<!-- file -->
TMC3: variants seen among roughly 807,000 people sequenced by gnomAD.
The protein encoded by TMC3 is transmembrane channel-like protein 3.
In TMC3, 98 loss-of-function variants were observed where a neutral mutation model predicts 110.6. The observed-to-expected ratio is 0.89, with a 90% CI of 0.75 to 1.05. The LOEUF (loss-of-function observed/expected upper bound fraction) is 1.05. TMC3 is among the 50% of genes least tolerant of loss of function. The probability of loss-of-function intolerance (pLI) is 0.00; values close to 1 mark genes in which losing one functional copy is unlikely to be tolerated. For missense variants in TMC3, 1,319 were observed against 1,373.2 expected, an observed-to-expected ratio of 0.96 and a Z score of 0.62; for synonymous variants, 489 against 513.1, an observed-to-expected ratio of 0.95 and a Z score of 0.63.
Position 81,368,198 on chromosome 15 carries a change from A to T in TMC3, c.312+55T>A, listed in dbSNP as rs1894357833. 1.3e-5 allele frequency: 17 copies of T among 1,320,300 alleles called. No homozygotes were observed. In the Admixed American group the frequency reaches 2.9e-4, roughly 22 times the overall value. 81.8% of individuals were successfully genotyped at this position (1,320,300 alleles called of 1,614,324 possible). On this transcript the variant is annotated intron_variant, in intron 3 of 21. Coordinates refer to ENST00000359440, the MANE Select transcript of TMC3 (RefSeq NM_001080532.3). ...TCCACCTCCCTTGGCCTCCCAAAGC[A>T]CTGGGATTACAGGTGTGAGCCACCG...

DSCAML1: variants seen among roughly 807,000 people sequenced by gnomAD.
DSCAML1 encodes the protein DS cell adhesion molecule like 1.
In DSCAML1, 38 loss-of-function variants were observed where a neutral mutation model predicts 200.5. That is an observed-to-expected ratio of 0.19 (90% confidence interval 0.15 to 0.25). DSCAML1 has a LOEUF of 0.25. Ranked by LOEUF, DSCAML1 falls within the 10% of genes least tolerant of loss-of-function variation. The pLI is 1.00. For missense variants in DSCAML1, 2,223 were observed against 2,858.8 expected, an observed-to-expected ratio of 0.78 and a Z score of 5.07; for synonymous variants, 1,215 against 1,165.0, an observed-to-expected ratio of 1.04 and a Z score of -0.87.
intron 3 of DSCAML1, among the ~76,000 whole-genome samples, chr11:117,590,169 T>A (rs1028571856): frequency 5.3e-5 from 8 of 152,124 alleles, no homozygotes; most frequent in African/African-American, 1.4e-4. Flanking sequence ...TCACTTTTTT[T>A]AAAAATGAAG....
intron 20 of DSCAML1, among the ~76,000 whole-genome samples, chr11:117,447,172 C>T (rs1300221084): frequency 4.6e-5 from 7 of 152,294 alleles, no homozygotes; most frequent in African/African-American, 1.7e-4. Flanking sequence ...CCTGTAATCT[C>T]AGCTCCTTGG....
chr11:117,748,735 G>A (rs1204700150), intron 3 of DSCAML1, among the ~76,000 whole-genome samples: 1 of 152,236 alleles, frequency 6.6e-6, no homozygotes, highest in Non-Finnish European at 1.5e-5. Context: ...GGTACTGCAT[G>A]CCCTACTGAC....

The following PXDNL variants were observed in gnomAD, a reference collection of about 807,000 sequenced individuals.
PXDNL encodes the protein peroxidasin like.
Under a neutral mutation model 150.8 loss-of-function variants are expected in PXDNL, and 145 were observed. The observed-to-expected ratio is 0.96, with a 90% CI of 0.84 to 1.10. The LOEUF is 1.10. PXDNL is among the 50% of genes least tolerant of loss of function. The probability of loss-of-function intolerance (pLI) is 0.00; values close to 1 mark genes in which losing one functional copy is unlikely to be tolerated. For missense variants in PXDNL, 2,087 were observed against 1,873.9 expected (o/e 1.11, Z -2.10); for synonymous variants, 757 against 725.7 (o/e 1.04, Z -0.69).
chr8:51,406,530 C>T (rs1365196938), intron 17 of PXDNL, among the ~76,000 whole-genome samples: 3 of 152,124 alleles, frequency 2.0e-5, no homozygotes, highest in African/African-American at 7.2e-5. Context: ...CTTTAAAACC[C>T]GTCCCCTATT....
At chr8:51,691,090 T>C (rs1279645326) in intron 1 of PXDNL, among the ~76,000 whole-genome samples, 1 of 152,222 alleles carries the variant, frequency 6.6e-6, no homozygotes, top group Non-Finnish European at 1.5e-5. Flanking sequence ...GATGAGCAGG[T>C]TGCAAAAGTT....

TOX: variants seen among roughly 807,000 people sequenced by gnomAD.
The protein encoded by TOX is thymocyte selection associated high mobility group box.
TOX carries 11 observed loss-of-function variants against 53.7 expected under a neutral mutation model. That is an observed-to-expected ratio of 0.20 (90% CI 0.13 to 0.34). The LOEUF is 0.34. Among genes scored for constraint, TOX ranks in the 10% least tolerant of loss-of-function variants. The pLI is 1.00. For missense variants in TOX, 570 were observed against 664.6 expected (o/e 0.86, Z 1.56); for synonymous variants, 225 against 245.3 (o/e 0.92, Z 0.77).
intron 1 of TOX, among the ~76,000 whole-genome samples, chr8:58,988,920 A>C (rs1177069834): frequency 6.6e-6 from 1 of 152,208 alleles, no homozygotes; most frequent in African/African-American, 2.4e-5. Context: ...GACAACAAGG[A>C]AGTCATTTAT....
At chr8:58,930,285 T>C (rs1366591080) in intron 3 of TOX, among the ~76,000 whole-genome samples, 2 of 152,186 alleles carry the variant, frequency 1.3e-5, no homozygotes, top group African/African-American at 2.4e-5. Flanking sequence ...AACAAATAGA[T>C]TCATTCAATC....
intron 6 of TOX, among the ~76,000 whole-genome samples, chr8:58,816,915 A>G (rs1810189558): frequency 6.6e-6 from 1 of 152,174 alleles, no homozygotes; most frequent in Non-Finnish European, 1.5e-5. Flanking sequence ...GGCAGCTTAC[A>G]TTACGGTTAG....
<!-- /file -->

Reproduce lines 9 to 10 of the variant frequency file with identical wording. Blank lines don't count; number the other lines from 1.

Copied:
intron 20 of DSCAML1, among the ~76,000 whole-genome samples, chr11:117,447,172 C>T (rs1300221084): frequency 4.6e-5 from 7 of 152,294 alleles, no homozygotes; most frequent in African/African-American, 1.7e-4. Flanking sequence ...CCTGTAATCT[C>T]AGCTCCTTGG....
chr11:117,748,735 G>A (rs1204700150), intron 3 of DSCAML1, among the ~76,000 whole-genome samples: 1 of 152,236 alleles, frequency 6.6e-6, no homozygotes, highest in Non-Finnish European at 1.5e-5. Context: ...GGTACTGCAT[G>A]CCCTACTGAC....